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The Big O by Declan Burke

The Big O

by Declan Burke

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I'll be wandering and babbling a bit before I actually get to the book so feel free to jump ahead.

The Big O by Declan Burke is an example of a book that I would not have known about were it not for blogs. The reason I mention this is because I'm tracking where I learn about books. This is prompted by a post on Declan's own blog, Crime Always Pays. In a September 15 post he wonders "about where crime fiction itself is going, and what blogs and sites can do to help it get there." I think blogs can do much.

I learned about The Big O from the flogging Declan himself gave it on his blog (is flogging a pejorative expression here? I don't mean it to be) and it sounded like a book I wanted to read. Unfortunately it was only available in the UK and unless I deprived the cats of their premium food it was out of reach. When I found it was going to be published in the U.S. and available for advanced order on Amazon I immediately ordered a copy. Bless Amazon, they shipped it well in advance of the September 22 U.S. release date so I've had a chance to read it.

The blurb on the book jacket describes Declan as "Elmore Leonard with a harsh Irish edge." I would also add a bit of Donald Westlake (think a Dortmunder caper) with profanity and violence and some Carl Hiassen with his talent for creating interesting characters and putting them in darkly humorous situations.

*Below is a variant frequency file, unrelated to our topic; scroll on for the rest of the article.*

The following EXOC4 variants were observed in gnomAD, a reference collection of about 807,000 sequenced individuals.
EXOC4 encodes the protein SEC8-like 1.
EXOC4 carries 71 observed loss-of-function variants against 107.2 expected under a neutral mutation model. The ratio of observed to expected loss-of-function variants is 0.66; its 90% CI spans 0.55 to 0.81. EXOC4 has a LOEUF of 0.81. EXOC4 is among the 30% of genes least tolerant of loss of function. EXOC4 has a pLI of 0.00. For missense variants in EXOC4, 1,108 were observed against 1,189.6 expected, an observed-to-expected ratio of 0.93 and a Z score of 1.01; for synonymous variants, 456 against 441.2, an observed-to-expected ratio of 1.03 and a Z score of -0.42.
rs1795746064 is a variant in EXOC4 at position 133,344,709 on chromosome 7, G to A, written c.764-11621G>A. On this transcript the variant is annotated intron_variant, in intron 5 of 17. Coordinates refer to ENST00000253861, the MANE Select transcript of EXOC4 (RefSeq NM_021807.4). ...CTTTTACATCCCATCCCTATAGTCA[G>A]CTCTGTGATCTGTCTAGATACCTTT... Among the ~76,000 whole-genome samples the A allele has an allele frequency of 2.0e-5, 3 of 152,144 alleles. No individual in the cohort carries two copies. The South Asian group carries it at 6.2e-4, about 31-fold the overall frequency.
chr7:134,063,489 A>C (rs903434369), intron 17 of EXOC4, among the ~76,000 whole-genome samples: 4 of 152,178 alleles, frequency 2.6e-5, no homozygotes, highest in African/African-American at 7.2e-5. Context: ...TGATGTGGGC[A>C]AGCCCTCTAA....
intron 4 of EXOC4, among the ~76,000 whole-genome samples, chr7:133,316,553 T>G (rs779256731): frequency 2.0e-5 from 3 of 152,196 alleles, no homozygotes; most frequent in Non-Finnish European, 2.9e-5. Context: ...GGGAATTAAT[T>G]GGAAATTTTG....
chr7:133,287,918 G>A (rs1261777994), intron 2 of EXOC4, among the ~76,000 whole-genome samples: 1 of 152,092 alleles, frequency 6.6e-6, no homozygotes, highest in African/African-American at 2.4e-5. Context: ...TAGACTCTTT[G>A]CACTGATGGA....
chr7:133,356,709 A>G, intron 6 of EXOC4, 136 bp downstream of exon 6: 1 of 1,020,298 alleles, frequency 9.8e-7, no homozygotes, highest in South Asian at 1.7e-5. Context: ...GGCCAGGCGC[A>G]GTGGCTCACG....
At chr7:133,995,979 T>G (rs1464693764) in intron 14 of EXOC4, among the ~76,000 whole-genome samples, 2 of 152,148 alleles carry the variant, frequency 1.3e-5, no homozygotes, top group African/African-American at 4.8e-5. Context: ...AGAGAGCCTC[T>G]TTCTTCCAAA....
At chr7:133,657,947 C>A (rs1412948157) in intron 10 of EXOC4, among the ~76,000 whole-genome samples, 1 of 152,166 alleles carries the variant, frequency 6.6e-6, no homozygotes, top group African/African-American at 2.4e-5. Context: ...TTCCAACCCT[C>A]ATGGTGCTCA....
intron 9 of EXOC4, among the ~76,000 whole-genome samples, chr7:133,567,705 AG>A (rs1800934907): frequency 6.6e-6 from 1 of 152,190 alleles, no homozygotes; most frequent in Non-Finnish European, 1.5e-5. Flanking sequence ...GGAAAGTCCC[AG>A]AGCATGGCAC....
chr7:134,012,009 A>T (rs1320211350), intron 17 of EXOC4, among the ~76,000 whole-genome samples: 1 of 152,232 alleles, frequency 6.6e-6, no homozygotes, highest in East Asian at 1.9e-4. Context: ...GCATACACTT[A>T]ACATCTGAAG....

The Big O falls into the humorous caper category but there are also aspects of the hardboiled school of crime writing so it is covering several of the crime sub-genres.

We have:
* Karen who is a receptionist for a plastic surgeon who supplements her income with armed robbery.

* Karen's ex boyfriend Rossi is out on parole and looking for his motorcycle, .44 automatic, and his money, all of which he thinks Karen has.

* Ray wants to get out of the kidnapping business. His job is to mind the kidnapped until the insurance company pays the ransom. He is also falling in love with Karen

* Frank is a plastic surgeon with money trouble and also Karen's boss

* Frank's almost ex-wife, Madge who is also Karen's best friend.

* Anna who you need to meet in the book. I will say no more.

* Assorted other characters who contribute to the craziness.

Frank figures that the only way out of his money predicament is to have his ex-wife kidnapped before the insurance policy expires. Ray gets subcontracted to hold Madge until the ransom is paid. Ray and Karen team up and the caper moves into high gear.